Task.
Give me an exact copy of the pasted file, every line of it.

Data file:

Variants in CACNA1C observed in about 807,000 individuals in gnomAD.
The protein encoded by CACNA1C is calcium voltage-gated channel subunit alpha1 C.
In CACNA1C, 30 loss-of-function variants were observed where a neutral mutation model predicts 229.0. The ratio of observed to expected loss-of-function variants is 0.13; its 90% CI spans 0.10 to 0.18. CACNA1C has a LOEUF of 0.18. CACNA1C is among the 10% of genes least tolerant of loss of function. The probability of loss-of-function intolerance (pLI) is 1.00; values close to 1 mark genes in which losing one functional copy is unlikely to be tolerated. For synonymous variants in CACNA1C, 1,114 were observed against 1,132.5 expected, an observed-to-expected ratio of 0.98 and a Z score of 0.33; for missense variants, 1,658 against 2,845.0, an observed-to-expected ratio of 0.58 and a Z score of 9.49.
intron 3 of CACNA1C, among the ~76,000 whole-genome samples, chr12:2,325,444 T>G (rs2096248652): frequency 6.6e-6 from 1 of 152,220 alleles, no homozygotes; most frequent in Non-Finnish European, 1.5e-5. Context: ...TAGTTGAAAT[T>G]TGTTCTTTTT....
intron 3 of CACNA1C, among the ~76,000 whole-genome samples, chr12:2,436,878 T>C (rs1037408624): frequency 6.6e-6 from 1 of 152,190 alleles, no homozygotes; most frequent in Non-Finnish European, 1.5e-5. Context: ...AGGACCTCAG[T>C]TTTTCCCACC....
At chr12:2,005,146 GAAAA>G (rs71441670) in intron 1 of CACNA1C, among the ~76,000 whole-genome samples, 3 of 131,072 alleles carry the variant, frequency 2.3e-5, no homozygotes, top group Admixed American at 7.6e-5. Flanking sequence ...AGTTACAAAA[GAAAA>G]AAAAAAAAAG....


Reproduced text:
Variants in CACNA1C observed in about 807,000 individuals in gnomAD.
The protein encoded by CACNA1C is calcium voltage-gated channel subunit alpha1 C.
In CACNA1C, 30 loss-of-function variants were observed where a neutral mutation model predicts 229.0. The ratio of observed to expected loss-of-function variants is 0.13; its 90% CI spans 0.10 to 0.18. CACNA1C has a LOEUF of 0.18. CACNA1C is among the 10% of genes least tolerant of loss of function. The probability of loss-of-function intolerance (pLI) is 1.00; values close to 1 mark genes in which losing one functional copy is unlikely to be tolerated. For synonymous variants in CACNA1C, 1,114 were observed against 1,132.5 expected, an observed-to-expected ratio of 0.98 and a Z score of 0.33; for missense variants, 1,658 against 2,845.0, an observed-to-expected ratio of 0.58 and a Z score of 9.49.
intron 3 of CACNA1C, among the ~76,000 whole-genome samples, chr12:2,325,444 T>G (rs2096248652): frequency 6.6e-6 from 1 of 152,220 alleles, no homozygotes; most frequent in Non-Finnish European, 1.5e-5. Context: ...TAGTTGAAAT[T>G]TGTTCTTTTT....
intron 3 of CACNA1C, among the ~76,000 whole-genome samples, chr12:2,436,878 T>C (rs1037408624): frequency 6.6e-6 from 1 of 152,190 alleles, no homozygotes; most frequent in Non-Finnish European, 1.5e-5. Context: ...AGGACCTCAG[T>C]TTTTCCCACC....
At chr12:2,005,146 GAAAA>G (rs71441670) in intron 1 of CACNA1C, among the ~76,000 whole-genome samples, 3 of 131,072 alleles carry the variant, frequency 2.3e-5, no homozygotes, top group Admixed American at 7.6e-5. Flanking sequence ...AGTTACAAAA[GAAAA>G]AAAAAAAAAG....